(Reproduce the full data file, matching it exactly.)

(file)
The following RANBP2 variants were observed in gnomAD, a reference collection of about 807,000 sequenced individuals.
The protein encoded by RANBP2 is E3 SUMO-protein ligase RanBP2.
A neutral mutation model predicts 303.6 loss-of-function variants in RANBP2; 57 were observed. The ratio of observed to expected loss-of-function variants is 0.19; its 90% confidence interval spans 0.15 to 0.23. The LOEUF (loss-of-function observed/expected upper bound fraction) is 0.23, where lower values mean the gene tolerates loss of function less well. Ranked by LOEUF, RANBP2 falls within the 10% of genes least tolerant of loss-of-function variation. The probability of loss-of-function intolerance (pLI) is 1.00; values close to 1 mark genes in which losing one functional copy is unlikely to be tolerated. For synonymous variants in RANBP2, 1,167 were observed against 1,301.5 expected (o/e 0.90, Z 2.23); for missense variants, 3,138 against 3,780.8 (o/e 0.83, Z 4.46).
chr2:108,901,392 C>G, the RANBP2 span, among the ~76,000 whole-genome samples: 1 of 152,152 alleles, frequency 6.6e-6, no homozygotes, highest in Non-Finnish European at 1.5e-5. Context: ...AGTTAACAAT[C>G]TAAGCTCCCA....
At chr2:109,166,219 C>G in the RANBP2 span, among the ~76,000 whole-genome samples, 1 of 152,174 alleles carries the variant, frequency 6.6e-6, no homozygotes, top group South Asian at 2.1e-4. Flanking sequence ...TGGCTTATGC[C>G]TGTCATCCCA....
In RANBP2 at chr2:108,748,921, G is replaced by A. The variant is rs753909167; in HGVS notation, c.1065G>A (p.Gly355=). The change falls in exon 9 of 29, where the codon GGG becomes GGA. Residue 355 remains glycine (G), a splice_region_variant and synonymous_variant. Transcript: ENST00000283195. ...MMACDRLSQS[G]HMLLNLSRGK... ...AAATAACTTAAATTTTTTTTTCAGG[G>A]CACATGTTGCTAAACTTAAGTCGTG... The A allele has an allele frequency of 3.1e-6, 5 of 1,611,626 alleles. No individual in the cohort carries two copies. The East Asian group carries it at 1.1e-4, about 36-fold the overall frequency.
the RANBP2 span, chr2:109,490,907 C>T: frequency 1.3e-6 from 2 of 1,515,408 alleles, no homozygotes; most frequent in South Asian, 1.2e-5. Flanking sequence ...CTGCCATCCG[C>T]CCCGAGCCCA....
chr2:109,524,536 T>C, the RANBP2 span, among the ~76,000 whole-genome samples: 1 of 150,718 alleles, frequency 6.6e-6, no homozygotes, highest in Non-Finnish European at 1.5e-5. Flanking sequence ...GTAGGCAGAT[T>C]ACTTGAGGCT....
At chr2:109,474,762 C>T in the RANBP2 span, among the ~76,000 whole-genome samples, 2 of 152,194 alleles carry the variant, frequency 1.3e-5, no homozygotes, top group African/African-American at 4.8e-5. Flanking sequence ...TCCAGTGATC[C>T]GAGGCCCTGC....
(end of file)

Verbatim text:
The following RANBP2 variants were observed in gnomAD, a reference collection of about 807,000 sequenced individuals.
The protein encoded by RANBP2 is E3 SUMO-protein ligase RanBP2.
A neutral mutation model predicts 303.6 loss-of-function variants in RANBP2; 57 were observed. The ratio of observed to expected loss-of-function variants is 0.19; its 90% confidence interval spans 0.15 to 0.23. The LOEUF (loss-of-function observed/expected upper bound fraction) is 0.23, where lower values mean the gene tolerates loss of function less well. Ranked by LOEUF, RANBP2 falls within the 10% of genes least tolerant of loss-of-function variation. The probability of loss-of-function intolerance (pLI) is 1.00; values close to 1 mark genes in which losing one functional copy is unlikely to be tolerated. For synonymous variants in RANBP2, 1,167 were observed against 1,301.5 expected (o/e 0.90, Z 2.23); for missense variants, 3,138 against 3,780.8 (o/e 0.83, Z 4.46).
chr2:108,901,392 C>G, the RANBP2 span, among the ~76,000 whole-genome samples: 1 of 152,152 alleles, frequency 6.6e-6, no homozygotes, highest in Non-Finnish European at 1.5e-5. Context: ...AGTTAACAAT[C>G]TAAGCTCCCA....
At chr2:109,166,219 C>G in the RANBP2 span, among the ~76,000 whole-genome samples, 1 of 152,174 alleles carries the variant, frequency 6.6e-6, no homozygotes, top group South Asian at 2.1e-4. Flanking sequence ...TGGCTTATGC[C>G]TGTCATCCCA....
In RANBP2 at chr2:108,748,921, G is replaced by A. The variant is rs753909167; in HGVS notation, c.1065G>A (p.Gly355=). The change falls in exon 9 of 29, where the codon GGG becomes GGA. Residue 355 remains glycine (G), a splice_region_variant and synonymous_variant. Transcript: ENST00000283195. ...MMACDRLSQS[G]HMLLNLSRGK... ...AAATAACTTAAATTTTTTTTTCAGG[G>A]CACATGTTGCTAAACTTAAGTCGTG... The A allele has an allele frequency of 3.1e-6, 5 of 1,611,626 alleles. No individual in the cohort carries two copies. The East Asian group carries it at 1.1e-4, about 36-fold the overall frequency.
the RANBP2 span, chr2:109,490,907 C>T: frequency 1.3e-6 from 2 of 1,515,408 alleles, no homozygotes; most frequent in South Asian, 1.2e-5. Flanking sequence ...CTGCCATCCG[C>T]CCCGAGCCCA....
chr2:109,524,536 T>C, the RANBP2 span, among the ~76,000 whole-genome samples: 1 of 150,718 alleles, frequency 6.6e-6, no homozygotes, highest in Non-Finnish European at 1.5e-5. Flanking sequence ...GTAGGCAGAT[T>C]ACTTGAGGCT....
At chr2:109,474,762 C>T in the RANBP2 span, among the ~76,000 whole-genome samples, 2 of 152,194 alleles carry the variant, frequency 1.3e-5, no homozygotes, top group African/African-American at 4.8e-5. Flanking sequence ...TCCAGTGATC[C>T]GAGGCCCTGC....